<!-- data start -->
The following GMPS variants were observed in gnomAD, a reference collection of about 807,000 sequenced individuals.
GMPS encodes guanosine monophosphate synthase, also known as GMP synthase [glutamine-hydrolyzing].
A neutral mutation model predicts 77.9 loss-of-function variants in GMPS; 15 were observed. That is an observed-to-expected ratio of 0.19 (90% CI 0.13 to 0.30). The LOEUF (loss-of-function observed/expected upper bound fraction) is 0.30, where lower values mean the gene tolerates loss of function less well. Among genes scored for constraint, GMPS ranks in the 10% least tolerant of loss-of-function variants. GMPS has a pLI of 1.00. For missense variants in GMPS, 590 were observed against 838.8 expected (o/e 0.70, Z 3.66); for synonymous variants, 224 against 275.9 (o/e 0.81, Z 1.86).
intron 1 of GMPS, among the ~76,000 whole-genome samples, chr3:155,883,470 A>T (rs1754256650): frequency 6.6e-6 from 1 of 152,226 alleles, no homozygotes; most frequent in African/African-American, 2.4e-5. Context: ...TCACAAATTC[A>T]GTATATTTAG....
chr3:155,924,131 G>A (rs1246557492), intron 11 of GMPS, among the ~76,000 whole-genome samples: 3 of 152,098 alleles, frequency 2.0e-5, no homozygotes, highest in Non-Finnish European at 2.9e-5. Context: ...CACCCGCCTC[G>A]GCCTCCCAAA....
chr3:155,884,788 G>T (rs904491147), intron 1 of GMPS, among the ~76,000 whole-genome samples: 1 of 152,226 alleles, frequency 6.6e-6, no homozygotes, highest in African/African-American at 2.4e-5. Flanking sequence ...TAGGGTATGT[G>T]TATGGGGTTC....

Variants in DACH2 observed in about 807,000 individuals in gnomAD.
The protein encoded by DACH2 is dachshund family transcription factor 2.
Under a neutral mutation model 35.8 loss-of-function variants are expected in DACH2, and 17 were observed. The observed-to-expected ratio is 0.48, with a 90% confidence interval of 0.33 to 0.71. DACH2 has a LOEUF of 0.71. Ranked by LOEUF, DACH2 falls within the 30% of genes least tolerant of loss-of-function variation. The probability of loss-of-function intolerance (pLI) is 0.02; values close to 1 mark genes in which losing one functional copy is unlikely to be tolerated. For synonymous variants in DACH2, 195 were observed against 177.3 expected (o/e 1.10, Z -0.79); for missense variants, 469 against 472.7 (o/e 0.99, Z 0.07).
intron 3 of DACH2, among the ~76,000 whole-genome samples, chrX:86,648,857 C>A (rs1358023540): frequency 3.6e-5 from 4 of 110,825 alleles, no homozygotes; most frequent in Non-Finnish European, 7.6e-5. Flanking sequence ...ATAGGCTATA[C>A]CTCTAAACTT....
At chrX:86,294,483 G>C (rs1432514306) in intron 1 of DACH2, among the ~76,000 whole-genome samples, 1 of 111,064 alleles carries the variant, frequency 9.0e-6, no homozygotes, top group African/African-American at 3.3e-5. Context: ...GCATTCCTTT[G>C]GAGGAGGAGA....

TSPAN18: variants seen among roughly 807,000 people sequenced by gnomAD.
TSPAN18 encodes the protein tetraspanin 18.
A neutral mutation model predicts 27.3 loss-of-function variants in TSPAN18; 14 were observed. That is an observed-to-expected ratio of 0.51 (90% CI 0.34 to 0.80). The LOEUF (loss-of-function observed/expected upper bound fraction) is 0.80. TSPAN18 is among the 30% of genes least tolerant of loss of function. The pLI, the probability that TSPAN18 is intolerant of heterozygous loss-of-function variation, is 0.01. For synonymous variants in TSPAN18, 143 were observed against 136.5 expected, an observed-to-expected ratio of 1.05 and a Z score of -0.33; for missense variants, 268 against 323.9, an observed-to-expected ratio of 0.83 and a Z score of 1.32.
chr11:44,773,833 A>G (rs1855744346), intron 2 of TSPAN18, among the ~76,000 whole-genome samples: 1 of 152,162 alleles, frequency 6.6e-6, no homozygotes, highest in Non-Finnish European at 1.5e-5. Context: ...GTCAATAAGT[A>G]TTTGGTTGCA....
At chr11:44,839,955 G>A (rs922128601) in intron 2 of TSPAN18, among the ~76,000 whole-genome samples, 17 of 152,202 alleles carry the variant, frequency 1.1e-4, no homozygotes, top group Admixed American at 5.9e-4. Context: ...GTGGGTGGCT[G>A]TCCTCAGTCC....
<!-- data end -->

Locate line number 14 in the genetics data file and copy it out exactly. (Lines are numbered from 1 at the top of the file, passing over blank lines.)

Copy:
A neutral mutation model predicts 27.3 loss-of-function variants in TSPAN18; 14 were observed. That is an observed-to-expected ratio of 0.51 (90% CI 0.34 to 0.80). The LOEUF (loss-of-function observed/expected upper bound fraction) is 0.80. TSPAN18 is among the 30% of genes least tolerant of loss of function. The pLI, the probability that TSPAN18 is intolerant of heterozygous loss-of-function variation, is 0.01. For synonymous variants in TSPAN18, 143 were observed against 136.5 expected, an observed-to-expected ratio of 1.05 and a Z score of -0.33; for missense variants, 268 against 323.9, an observed-to-expected ratio of 0.83 and a Z score of 1.32.